Influential Bristolian hip-hopper, given to bouts of genius, as well as unlistenable self-indulgence.
Tricky, real name Adrian Thaws, was born in Bristol on 27th January, 1968. By the time he was born, his father had left the family, and at the age of 4 his mother died, leaving his grandmother to bring him up. His childhood was spent in the Bristol area of Knowle West, an overwhelmingly white area known for its violence, car crime and heroin problems.
As a teenager he was writing lyrics, and ended up falling in with The Wild Bunch crew, who were playing soundsystems in the city. The Wild Bunch evolved to become Massive Attack, and Tricky Kid as he was now known, wrote and rapped on Massive's Blue Lines album, which became known as one of the most influential albums of the decade. Although never signed as part of the band, Tricky again appeared on two tracks on Massive Attack's second album, Protection.
Around this time he met his main vocalist, and mother of his child, Martina Topley-Bird. The story of how they met is apocryphal, but anyone who has met Tricky would agree that it is in character. Martina, aged 16 at this time, was attending the exclusive Clifton College school, and was drinking cider while sitting on a wall near the school grounds. Tricky, walking by and seeing a pretty girl, chats her up, and the rest is history.
Tricky records a track with Martina, who is a hugely talented singer, but after receiving little interest from Massive Attack in the track, and as well as a general bitterness towards the Bristol music scene, decides to persue a solo career in London. He pressed Aftermath as a white label, directly from the promo tape he was hawking around town.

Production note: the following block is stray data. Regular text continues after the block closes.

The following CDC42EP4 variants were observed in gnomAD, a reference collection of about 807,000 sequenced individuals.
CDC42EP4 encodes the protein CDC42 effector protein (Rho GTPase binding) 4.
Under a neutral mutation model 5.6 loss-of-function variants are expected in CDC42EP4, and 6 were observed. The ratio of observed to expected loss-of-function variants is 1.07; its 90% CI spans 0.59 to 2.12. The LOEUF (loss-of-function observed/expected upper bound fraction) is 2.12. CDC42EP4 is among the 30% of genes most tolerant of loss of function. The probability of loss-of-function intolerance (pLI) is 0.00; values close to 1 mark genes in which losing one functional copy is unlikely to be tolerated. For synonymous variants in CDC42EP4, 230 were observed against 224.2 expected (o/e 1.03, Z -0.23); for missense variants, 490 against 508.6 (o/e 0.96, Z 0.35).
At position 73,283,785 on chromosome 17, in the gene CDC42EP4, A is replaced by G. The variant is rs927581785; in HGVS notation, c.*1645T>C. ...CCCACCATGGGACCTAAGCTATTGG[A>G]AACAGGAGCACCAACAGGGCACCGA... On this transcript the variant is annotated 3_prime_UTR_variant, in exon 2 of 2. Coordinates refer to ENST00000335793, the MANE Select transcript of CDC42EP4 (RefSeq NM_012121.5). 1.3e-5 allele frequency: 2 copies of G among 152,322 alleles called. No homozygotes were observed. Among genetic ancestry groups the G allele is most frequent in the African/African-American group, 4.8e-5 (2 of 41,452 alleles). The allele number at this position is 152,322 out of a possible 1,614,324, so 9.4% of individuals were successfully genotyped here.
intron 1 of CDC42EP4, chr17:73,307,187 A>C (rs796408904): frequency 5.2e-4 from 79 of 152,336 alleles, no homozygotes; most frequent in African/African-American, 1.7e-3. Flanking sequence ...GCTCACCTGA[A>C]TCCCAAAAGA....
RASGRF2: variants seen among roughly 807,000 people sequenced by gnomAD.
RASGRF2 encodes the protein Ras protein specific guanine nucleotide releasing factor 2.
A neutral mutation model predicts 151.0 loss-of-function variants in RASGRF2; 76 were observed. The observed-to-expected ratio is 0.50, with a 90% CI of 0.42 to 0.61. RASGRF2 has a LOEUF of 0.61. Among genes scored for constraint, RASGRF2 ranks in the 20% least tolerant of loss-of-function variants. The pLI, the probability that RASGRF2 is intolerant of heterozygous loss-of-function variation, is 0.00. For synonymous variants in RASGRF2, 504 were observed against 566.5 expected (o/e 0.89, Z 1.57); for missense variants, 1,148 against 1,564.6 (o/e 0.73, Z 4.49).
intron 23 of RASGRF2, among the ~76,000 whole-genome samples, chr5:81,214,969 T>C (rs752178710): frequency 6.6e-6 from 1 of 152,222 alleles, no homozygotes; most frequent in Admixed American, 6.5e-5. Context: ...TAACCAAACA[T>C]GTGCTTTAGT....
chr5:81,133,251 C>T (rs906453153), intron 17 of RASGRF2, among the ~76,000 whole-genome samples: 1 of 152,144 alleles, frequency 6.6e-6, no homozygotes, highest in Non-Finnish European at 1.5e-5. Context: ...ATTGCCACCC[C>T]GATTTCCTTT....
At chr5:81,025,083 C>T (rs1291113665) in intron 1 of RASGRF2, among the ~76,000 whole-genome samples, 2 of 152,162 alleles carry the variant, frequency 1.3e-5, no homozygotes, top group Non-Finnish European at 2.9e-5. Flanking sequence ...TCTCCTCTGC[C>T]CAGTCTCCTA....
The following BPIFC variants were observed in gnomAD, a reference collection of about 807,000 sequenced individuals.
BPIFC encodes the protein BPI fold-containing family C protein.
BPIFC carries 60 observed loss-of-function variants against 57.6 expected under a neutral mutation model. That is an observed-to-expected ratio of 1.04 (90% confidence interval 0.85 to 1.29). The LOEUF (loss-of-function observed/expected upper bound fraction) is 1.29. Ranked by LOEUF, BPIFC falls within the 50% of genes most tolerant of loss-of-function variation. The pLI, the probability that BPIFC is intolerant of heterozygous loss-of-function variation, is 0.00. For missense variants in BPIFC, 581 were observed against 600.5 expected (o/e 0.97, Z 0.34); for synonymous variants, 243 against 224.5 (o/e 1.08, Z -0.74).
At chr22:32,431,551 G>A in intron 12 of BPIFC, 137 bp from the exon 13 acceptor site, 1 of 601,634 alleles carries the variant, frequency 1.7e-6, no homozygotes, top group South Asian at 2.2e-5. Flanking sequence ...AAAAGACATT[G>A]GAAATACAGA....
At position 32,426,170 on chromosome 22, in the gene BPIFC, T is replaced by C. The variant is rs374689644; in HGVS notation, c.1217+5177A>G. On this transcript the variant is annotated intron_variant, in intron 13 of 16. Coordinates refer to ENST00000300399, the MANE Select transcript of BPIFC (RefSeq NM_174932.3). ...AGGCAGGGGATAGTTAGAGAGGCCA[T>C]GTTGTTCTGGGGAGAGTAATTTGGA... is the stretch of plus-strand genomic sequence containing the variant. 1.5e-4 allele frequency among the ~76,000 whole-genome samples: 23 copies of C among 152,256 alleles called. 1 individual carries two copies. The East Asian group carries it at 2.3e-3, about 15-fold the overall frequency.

The buzz generated by the 500 copies of this lead to him being signed to Island Records, in an unusual deal that allows him to record with other labels under pseudonyms.
His first, and easily his best album, was released in 1995. Called Maxinquaye after his mother Maxine Quaye, it was an unclassifiable mix of paranoid lyrics, dirty beats, messy samples, and Martina's beautiful vocals. This unlikely combination produced a masterpiece, that was a huge success, both critically and commercially, entering at number 2 in the UK Album Chart. Acclaimed as truly groundbreaking, and an album of the year, it is of a consistently great standard that he never quite managed to match again.
Two of the tracks on the album, Overcome and Hell is Round the Corner, were reworkings of Karmacoma and Eurochild respectively, the tracks Tricky worked on on Protection. The latter also featured a prominant sample of Ike's Rap II, which was also the basis for Portishead's Glory Box around the same time. This caused more tension at the time, as Tricky has worked with Geoff Barrow from Portishead on a few projects, although it is likely they both just shared common influences, being immersed in the same music scene. Tricky once said that the most insulting thing had said about him was, "that I sound like Portishead". He doesn't.
The album also includes Alison Goldfrapp on Pumpkin, a track named after the Smashing Pumpkins sample that appears on it. Tricky said that they shouldn't take it as a compliment, as he did it after seeing them live and wanting to take the piss.